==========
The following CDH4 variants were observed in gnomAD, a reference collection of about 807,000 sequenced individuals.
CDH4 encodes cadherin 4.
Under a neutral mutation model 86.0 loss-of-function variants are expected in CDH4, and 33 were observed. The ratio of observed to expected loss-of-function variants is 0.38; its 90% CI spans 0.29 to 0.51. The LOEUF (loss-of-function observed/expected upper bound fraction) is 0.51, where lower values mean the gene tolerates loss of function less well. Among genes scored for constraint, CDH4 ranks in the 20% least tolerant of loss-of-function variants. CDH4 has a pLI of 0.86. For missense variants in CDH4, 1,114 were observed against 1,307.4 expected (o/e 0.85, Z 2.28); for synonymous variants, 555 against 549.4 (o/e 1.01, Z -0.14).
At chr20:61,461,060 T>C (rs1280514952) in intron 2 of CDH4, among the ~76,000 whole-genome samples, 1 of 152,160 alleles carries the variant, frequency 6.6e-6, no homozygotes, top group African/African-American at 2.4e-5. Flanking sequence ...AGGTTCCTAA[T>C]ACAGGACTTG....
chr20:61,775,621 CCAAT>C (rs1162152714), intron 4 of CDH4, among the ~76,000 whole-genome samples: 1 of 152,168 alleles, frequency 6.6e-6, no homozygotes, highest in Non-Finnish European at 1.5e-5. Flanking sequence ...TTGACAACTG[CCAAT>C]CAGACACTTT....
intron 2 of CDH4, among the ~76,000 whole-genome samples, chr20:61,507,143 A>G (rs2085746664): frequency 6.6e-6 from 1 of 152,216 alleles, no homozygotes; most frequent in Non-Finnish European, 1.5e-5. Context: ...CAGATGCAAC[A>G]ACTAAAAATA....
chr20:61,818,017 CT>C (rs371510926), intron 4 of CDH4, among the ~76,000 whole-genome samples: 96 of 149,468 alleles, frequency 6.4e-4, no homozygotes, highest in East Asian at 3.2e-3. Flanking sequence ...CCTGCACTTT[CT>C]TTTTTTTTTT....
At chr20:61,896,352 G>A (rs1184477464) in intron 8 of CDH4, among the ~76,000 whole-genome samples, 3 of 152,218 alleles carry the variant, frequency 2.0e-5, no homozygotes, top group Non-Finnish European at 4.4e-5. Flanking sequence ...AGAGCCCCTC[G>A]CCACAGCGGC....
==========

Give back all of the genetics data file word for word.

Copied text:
The following CDH4 variants were observed in gnomAD, a reference collection of about 807,000 sequenced individuals.
CDH4 encodes cadherin 4.
Under a neutral mutation model 86.0 loss-of-function variants are expected in CDH4, and 33 were observed. The ratio of observed to expected loss-of-function variants is 0.38; its 90% CI spans 0.29 to 0.51. The LOEUF (loss-of-function observed/expected upper bound fraction) is 0.51, where lower values mean the gene tolerates loss of function less well. Among genes scored for constraint, CDH4 ranks in the 20% least tolerant of loss-of-function variants. CDH4 has a pLI of 0.86. For missense variants in CDH4, 1,114 were observed against 1,307.4 expected (o/e 0.85, Z 2.28); for synonymous variants, 555 against 549.4 (o/e 1.01, Z -0.14).
At chr20:61,461,060 T>C (rs1280514952) in intron 2 of CDH4, among the ~76,000 whole-genome samples, 1 of 152,160 alleles carries the variant, frequency 6.6e-6, no homozygotes, top group African/African-American at 2.4e-5. Flanking sequence ...AGGTTCCTAA[T>C]ACAGGACTTG....
chr20:61,775,621 CCAAT>C (rs1162152714), intron 4 of CDH4, among the ~76,000 whole-genome samples: 1 of 152,168 alleles, frequency 6.6e-6, no homozygotes, highest in Non-Finnish European at 1.5e-5. Flanking sequence ...TTGACAACTG[CCAAT>C]CAGACACTTT....
intron 2 of CDH4, among the ~76,000 whole-genome samples, chr20:61,507,143 A>G (rs2085746664): frequency 6.6e-6 from 1 of 152,216 alleles, no homozygotes; most frequent in Non-Finnish European, 1.5e-5. Context: ...CAGATGCAAC[A>G]ACTAAAAATA....
chr20:61,818,017 CT>C (rs371510926), intron 4 of CDH4, among the ~76,000 whole-genome samples: 96 of 149,468 alleles, frequency 6.4e-4, no homozygotes, highest in East Asian at 3.2e-3. Flanking sequence ...CCTGCACTTT[CT>C]TTTTTTTTTT....
At chr20:61,896,352 G>A (rs1184477464) in intron 8 of CDH4, among the ~76,000 whole-genome samples, 3 of 152,218 alleles carry the variant, frequency 2.0e-5, no homozygotes, top group Non-Finnish European at 4.4e-5. Flanking sequence ...AGAGCCCCTC[G>A]CCACAGCGGC....